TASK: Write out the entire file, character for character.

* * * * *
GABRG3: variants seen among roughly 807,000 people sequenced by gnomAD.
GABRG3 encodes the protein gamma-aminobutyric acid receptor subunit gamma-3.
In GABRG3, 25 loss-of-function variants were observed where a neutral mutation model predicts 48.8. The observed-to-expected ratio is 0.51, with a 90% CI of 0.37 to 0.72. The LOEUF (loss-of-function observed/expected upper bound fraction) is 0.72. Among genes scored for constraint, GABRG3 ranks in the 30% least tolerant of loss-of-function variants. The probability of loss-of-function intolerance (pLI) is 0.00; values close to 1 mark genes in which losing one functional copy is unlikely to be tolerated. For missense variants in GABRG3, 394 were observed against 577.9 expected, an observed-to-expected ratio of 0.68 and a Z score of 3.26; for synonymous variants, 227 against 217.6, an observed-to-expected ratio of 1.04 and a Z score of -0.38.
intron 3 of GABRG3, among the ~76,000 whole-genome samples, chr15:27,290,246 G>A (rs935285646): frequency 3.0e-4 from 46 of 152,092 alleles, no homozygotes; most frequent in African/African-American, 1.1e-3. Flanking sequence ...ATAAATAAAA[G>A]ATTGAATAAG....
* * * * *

GABRG3: variants seen among roughly 807,000 people sequenced by gnomAD.
GABRG3 encodes the protein gamma-aminobutyric acid receptor subunit gamma-3.
In GABRG3, 25 loss-of-function variants were observed where a neutral mutation model predicts 48.8. The observed-to-expected ratio is 0.51, with a 90% CI of 0.37 to 0.72. The LOEUF (loss-of-function observed/expected upper bound fraction) is 0.72. Among genes scored for constraint, GABRG3 ranks in the 30% least tolerant of loss-of-function variants. The probability of loss-of-function intolerance (pLI) is 0.00; values close to 1 mark genes in which losing one functional copy is unlikely to be tolerated. For missense variants in GABRG3, 394 were observed against 577.9 expected, an observed-to-expected ratio of 0.68 and a Z score of 3.26; for synonymous variants, 227 against 217.6, an observed-to-expected ratio of 1.04 and a Z score of -0.38.
intron 3 of GABRG3, among the ~76,000 whole-genome samples, chr15:27,290,246 G>A (rs935285646): frequency 3.0e-4 from 46 of 152,092 alleles, no homozygotes; most frequent in African/African-American, 1.1e-3. Flanking sequence ...ATAAATAAAA[G>A]ATTGAATAAG....